Another Fake Debate: Raising the Debt Ceiling
Time Magazine used the word “zoom” with respect to the “public debt” in a 1941 article and said, “The President questioned the meaning of a legal debt limit, hinted that there should be no legal limit.” There were only newspapers, magazines, movie theatre newsreels and radio to report that the 1940 Democratic platform “made no mention of that fiscal dodo, that old museum piece: a balanced budget. Franklin Roosevelt held to precedent—he didn't mention it, either.”
Bear in mind that the idea of a federal budget was relatively new. Up until 1921, the president did not have much of anything to do with hashing out budget, other approving or disapproving it as the head of his political party. The Budget and Accounting Act of 1921 created the U.S. General Accounting Office (GAO) as part of the Legislative Branch. Its job was to audit federal books and prevent fraud. In the Executive Branch, the 1921 legislation created the Bureau of Budget to coordinate budget submissions by various departments and agencies.
Former Treasury Department economist Bruce Bartlett wrote in Forbes, “Deficits primarily resulted from wars, and strenuous efforts were always made to pay them off as soon as possible afterward. On those occasions when the Treasury needed to sell bonds, each individual bond issue had to be specifically authorized by Congress.”
The federal budget is actually on automatic pilot, anyway. The reality is that neither Congress nor the presidents have anything so say about it. “If you take all the earmarks, unnecessary weapons systems, waste, fraud and abuse and everything else you can think of that deserves to be cut, it still adds up to drops in the ocean compared to Social Security and Medicare,” Bartlett says. “As long as those programs are off limits the president's budget will continue to decline as a matter of political and economic importance.”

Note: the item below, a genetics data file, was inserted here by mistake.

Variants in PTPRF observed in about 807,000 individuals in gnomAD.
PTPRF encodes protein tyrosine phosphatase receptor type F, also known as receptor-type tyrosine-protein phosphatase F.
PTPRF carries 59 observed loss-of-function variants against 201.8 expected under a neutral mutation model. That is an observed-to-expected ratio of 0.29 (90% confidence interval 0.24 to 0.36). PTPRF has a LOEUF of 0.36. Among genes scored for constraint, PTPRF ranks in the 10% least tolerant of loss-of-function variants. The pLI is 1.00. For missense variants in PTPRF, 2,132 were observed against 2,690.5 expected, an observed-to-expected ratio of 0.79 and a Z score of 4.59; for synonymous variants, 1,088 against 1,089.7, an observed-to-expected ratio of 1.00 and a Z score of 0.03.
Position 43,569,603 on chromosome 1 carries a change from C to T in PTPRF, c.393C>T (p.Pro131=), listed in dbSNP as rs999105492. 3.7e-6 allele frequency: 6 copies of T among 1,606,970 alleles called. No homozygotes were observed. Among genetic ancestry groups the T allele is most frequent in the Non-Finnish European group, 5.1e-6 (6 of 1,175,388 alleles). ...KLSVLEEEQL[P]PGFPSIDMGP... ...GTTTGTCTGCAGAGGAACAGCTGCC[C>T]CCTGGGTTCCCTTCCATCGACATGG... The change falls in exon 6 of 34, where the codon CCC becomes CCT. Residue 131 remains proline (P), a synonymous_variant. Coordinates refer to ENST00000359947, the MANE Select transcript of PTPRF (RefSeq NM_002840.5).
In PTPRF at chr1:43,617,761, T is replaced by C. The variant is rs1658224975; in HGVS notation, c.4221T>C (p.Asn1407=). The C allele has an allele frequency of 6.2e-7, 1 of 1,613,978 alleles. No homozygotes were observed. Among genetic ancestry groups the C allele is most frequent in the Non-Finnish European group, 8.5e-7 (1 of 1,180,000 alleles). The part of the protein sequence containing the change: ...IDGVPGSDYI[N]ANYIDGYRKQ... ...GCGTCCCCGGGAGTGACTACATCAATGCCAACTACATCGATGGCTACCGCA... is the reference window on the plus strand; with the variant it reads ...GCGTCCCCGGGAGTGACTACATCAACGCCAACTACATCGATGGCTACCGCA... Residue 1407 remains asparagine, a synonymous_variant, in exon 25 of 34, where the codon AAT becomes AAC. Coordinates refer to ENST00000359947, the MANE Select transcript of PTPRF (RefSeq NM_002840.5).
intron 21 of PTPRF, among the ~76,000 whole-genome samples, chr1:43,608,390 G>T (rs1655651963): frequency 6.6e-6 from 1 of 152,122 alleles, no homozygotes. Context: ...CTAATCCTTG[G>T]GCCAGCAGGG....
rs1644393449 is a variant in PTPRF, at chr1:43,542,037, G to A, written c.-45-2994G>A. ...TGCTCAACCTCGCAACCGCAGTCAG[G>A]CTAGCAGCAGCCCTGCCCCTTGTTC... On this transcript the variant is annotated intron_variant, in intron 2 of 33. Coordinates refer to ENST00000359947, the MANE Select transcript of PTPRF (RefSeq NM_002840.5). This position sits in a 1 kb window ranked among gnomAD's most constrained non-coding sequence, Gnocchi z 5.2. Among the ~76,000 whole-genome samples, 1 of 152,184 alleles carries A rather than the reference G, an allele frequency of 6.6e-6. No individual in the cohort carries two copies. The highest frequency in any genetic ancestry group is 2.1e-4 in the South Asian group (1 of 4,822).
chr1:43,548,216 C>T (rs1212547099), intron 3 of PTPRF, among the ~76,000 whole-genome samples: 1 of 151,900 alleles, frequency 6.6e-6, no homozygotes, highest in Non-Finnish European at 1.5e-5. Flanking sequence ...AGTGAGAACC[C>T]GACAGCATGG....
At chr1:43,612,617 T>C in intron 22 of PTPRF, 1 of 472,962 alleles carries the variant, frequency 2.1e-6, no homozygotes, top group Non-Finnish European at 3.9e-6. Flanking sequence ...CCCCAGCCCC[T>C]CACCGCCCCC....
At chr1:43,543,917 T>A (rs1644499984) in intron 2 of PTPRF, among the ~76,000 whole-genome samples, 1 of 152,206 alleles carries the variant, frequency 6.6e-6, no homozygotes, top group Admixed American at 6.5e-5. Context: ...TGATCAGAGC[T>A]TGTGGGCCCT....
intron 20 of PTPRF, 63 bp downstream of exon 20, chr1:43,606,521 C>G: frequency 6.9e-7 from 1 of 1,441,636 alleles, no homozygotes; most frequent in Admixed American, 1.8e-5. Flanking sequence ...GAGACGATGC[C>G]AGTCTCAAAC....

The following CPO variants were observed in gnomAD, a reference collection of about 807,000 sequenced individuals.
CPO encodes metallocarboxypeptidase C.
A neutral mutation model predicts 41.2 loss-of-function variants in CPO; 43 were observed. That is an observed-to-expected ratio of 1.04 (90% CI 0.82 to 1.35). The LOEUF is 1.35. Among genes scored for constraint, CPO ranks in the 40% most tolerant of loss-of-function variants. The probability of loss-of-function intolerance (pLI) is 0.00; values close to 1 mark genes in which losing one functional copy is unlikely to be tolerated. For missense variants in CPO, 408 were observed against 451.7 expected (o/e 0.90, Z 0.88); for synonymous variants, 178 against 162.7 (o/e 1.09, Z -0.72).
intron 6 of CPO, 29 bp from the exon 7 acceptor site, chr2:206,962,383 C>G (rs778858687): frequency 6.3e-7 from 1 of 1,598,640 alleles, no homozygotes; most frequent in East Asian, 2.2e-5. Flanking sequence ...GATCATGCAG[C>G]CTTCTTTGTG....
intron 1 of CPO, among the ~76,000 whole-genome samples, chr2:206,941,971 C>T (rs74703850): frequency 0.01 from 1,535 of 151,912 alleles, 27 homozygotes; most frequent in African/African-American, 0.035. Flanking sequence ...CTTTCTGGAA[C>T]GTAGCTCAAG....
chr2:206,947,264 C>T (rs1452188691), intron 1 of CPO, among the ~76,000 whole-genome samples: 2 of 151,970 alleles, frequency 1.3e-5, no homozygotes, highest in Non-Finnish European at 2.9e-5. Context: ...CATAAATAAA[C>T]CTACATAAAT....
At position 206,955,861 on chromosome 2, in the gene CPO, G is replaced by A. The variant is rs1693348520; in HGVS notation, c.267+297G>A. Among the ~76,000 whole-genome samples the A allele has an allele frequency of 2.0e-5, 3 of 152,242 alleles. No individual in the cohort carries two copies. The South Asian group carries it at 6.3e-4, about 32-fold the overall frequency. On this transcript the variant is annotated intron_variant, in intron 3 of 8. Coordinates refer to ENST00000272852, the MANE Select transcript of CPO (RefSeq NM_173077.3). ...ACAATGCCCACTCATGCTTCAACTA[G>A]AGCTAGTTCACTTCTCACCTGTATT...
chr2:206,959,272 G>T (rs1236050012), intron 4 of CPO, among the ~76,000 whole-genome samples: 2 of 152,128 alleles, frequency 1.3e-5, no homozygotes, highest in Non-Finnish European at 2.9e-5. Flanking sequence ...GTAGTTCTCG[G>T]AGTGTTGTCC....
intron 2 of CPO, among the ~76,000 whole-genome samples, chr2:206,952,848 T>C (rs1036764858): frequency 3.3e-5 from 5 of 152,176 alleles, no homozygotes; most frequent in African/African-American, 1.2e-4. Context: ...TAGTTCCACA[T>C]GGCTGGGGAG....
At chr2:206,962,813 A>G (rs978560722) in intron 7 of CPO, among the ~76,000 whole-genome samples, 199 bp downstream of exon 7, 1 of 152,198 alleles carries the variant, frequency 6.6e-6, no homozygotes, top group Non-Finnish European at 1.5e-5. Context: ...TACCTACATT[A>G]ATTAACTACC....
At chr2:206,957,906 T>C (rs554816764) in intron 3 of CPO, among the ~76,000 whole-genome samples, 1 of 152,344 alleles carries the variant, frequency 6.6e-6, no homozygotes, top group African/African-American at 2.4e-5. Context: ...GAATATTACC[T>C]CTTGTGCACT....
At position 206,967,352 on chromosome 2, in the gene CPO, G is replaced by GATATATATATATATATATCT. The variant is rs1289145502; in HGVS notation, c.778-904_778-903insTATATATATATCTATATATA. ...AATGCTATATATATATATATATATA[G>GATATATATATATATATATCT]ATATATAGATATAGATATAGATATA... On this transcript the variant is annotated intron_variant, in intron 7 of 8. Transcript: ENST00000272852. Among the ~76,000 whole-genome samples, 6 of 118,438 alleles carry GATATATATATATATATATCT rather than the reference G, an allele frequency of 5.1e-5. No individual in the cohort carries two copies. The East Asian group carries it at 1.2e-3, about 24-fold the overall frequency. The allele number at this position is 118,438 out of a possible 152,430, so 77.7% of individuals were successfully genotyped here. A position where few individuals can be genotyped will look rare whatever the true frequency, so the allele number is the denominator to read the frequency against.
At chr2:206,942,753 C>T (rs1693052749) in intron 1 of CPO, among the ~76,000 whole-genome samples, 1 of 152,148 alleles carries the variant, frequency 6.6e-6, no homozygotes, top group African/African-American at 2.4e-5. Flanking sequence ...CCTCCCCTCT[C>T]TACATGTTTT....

As to the meaning of the debt ceiling that President Roosevelt questioned, since March 1962 the debt ceiling has been raised 74 times. According to the Congressional Research Service, 10 of those times have occurred since 2001. Theoretically, the debt ceiling limit is supposed to help Congress control spending. However, in reality, the debt limit is ineffective in controlling spending and deficits. Politicians and reality continue to be strangers to one another.Continued on the next page